Interactive Investor

How tax relief on your SIPP works

29th January 2021 13:19

Rebecca O'Connor from interactive investor

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The government effectively gives you 'free money' as an incentive to save. Find out how to get it here.

A Self-Invested Personal Pension (SIPP) has features over and above a workplace pension – choice over where your money is invested, for example. But when it comes to tax, SIPPs have the same benefits as the pension you have – or had – through your employer.

Tax relief is the primary reason that any pension is a worthwhile investment for retirement. It is granted as an extra incentive to put your money away for the very long term – or else we might not do it. Without tax relief, the worry would be that people may not choose to put money away where they can’t touch it for years, instead keeping it in savings accounts. They could then run a greater risk of not having enough income when they give up work.

The caveat is that you can’t access any of the money until you are 55 (rising to 57 in 2028) and, at that point, you are allowed to take 25% of your total pot tax-free.

You then have the option of drawing the rest of your pension, but may be liable for income tax on the remaining amount, depending on how much income you take each year.  

But back to contributions. The whole point of a pension is to give up the benefit of income now, to take it in future instead.

So, that’s why the Government offers tax relief – equal to the amount of tax you currently pay – on your pension contributions. It’s a big uplift on the returns you can expect, compared to saving. It’s effectively free money from the Government, in fact. 

How tax relief is applied

There are different ways that the Government can apply tax relief to workplace pensions. You can either make your pension contribution before you are taxed (net pay) or after (relief at source).

With a SIPP, you can ask your employer to pay into your SIPP instead of the workplace pension on offer, or you can pay in yourself, after tax. Your basic rate tax relief of 20% will be automatically applied by your platform, but if you are a higher or additional rate taxpayer, you have to claim this extra relief yourself, through your tax return.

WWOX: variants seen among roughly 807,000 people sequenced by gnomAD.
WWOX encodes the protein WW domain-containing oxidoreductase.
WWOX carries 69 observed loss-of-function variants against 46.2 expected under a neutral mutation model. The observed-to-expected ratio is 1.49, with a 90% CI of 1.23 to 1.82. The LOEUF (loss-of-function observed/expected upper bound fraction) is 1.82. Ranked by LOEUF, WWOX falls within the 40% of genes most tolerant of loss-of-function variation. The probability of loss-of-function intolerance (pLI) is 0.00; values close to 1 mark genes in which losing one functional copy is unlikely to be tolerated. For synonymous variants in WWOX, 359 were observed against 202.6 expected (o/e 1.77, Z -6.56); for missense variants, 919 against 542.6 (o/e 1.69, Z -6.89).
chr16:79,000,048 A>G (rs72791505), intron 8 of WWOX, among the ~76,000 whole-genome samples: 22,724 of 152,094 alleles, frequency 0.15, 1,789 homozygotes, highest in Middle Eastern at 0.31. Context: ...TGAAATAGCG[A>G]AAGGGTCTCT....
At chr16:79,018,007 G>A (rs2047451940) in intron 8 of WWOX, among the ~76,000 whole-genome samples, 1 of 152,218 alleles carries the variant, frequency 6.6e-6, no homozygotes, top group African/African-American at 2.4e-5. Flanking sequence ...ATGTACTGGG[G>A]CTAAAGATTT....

If your employer is paying into your SIPP for you, this will probably be before tax is calculated, so you wouldn’t need to claim the relief yourself in this instance. It’s important to check on what basis your pension payments come out of your salary.

When you open a SIPP, you have to submit your national insurance number, which is a way for HMRC to track all of the tax you have paid and all the tax you claim. 

You will have to select how your tax relief will be applied, depending on how your contributions are being made.

While the basic rate is applied automatically, bear in mind it can sometimes take a few weeks for this to appear in your account, as your SIPP provider has to inform HMRC, then claim the 20% on your behalf and add it to your account. 

When you come to fill out your tax return, if you are a higher or additional rate taxpayer, you will have to give details of SIPP contributions you have made, plus the estimated amount of tax relief you are owed over and above the basic rate relief already added to your pension.

Once HMRC has received this information, it will add this relief to your pension.

Checking your documents could save you money

With so many tax relief payment and contribution arrangements, it can become very confusing, but the important thing is to check your payslips, tax returns and pension contributions and statements to make sure you are getting the tax relief you are due, every year. 

The amounts can really add up and make a huge difference to your eventual pension pot with investment growth in the mix too, so you don’t want to miss out. 

These articles are provided for information purposes only.  Occasionally, an opinion about whether to buy or sell a specific investment may be provided by third parties.  The content is not intended to be a personal recommendation to buy or sell any financial instrument or product, or to adopt any investment strategy as it is not provided based on an assessment of your investing knowledge and experience, your financial situation or your investment objectives. The value of your investments, and the income derived from them, may go down as well as up. You may not get back all the money that you invest. The investments referred to in this article may not be suitable for all investors, and if in doubt, an investor should seek advice from a qualified investment adviser.

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